I believe that the loneliness you feel was borne by Christ on the Cross! And Christ can heal “the diseases of the soul.” Christ can heal your loneliness – because He carried the pain of it to the Cross! He bore the grief of loneliness on that Cross – to heal you from sin and loneliness!

When you come to Christ, your sins are forgiven, and your loneliness begins to be healed! Why be lonely? Come home – to church! Why be lost? Come home – to Christ, the Son of God!

III. Third, the text is applicable to any soul in distress.

“No man [no one] cared for my soul” (Psalm 142:4).

The two loneliest places in the universe are the grave and the darkness of Hell. And every human death is a tragedy. It doesn’t matter if you are old, or if you are a little child, or a teenager. When you die, you are alone. No one can go with you down into that coffin. No one can go with you when they burn your body in the pagan manner of cremation. You are alone when you die. And then you will be alone in Hell. In the sixteenth chapter of Luke, Jesus told about a rich man who went to Hell. He was all alone, cut off from others in that place of torment.

The loneliness of Hell and the loneliness of death are indescribably horrible. The dead can truly say,

“No man [no one] cared for my soul” (Psalm 142:4).

Often the thought of death, and the shortness of life, makes young people depressed and fills them with anxiety.

When my grandmother was buried, I stayed behind after everyone else left. I watched them shovel the dirt into Grandma’s grave. Her body was left there alone, under the earth. That was an unforgettable experience I had as a teenager – seeing that. The grave is a lonely place. And that is where you are going!

But here’s the positive side to the message. David was alone in that cave, hiding in the darkness. But he didn’t stay there! God brought David out of the cave and took him to safety! And that’s a picture of the resurrection of Jesus Christ! David escaped from the cave Adullam! And Jesus Christ escaped from the tomb where He was buried! God took David out of the cave, and God took Jesus out of the grave! The cave of Adullam was empty. David was gone! The tomb of Jesus was empty. Jesus was gone! The angels said,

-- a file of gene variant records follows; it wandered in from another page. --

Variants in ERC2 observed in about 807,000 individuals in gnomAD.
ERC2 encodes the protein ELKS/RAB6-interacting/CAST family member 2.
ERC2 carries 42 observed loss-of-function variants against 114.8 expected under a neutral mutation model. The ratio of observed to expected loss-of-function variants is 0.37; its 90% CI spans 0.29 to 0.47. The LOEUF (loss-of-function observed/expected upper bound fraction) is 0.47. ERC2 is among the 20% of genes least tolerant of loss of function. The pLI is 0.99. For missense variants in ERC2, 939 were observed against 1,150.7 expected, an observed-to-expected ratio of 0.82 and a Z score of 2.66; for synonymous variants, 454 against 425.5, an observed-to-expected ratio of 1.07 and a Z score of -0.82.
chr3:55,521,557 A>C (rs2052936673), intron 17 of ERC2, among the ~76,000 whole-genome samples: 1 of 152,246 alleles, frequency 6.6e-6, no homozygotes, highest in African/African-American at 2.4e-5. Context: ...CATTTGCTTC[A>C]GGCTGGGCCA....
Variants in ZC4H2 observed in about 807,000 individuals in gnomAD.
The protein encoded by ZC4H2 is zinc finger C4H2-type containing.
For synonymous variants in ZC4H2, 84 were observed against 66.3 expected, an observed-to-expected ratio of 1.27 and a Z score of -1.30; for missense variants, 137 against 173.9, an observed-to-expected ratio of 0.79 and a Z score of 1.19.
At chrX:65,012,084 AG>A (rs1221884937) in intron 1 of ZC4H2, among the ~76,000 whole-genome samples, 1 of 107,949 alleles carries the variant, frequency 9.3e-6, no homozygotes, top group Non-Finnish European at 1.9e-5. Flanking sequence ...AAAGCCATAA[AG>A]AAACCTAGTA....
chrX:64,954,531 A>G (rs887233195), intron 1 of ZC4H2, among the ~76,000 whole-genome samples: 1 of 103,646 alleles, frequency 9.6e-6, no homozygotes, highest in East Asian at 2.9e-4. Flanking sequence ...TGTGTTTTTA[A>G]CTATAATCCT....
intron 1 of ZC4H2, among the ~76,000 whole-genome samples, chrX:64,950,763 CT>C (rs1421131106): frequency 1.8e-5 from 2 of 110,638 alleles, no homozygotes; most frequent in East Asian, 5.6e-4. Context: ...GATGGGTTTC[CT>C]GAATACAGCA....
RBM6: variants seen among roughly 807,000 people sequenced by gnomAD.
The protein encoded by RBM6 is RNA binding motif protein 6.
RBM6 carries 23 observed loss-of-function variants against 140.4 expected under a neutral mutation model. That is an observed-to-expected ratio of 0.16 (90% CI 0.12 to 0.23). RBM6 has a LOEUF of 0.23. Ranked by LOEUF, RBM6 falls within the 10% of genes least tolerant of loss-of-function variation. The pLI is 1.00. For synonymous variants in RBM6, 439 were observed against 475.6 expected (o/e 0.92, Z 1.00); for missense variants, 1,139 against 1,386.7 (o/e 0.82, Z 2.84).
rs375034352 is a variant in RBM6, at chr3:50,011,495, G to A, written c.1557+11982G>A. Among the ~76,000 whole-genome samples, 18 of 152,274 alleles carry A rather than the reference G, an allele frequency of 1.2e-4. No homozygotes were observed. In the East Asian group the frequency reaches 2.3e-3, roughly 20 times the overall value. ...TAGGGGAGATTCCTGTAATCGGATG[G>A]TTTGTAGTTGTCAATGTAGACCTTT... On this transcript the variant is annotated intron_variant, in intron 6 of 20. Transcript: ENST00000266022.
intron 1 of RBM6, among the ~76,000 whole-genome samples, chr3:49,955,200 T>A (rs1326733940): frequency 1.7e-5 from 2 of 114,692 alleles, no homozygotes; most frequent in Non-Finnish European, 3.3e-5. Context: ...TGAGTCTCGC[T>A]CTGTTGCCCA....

“He is not here: for he is risen, as he said” (Matthew 28:6).

Christ is alive! Christ has risen from the dead! You can know Christ personally! You can be born again! The living Christ can save your soul from sin, Hell, and the grave.

“He is not here: for he is risen, as he said” (Matthew 28:6).

And when you come to Christ, His Blood cleanses you from all sin! And you begin a new life in Christ! And you become a member of the church! And your loneliness begins to be healed! Why be lonely? Come home – to church! Why be lost? Come home – to Jesus, the Son of God. He will cleanse your sin and save your soul for all eternity! And be sure to come back next Sunday. Don’t let midterms keep you from coming to church. Study for a few hours every day. Study all day on Saturday. Then you won’t have to miss church on Sunday when midterms or finals come up. Dr. Henry H. Halley said, “All Christian people ought to go to church every Sunday” (Halley’s Bible Handbook, Regency, 1965 edition, p. 819). As my Chinese pastor, Dr. Timothy Lin often said, “Make the church your second home!”

Please stand and sing that little song I wrote. It’s called “Come Home to Dinner.” We sing it to that old Country and Western tune, “On the Wings of a Dove.” Sing the third stanza!

The big city people just don’t seem to care;
They’ve little to offer and no love to spare.
But come home to Jesus and you’ll be aware,
There’s food on the table and friendship to share!
Come home to the church and eat, Gather for fellowship sweet;
It’ll be quite a treat, When we sit down to eat!
   (“Come Home to Dinner” by Dr. R. L. Hymers, Jr.;
      to the tune of “On the Wings of a Dove”).

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Scripture Read Before the Sermon by Dr. Kreighton L. Chan: Psalm 142:1-7.
Solo Sung Before the Sermon by Mr. Benjamin Kincaid Griffith:
“Oh, What a Fountain!” (by Dr. John R. Rice, 1895-1980).



by Dr. R. L. Hymers, Jr.

“No man cared for my soul” (Psalm 142:4).

(I Samuel 18:10-11; 21:10; 22:1)

I.   First, the text represents the troubles of David, Psalm 142:4.

II.  Second, the text represents the troubles of Jesus, the Messiah,
Isaiah 53:4; Mark 14:32-34; Matthew 26:56; 27:46;
II Corinthians 5:21; Isaiah 53:5, 4.

III. Third, the text is applicable to any soul in distress, Matthew 28:6.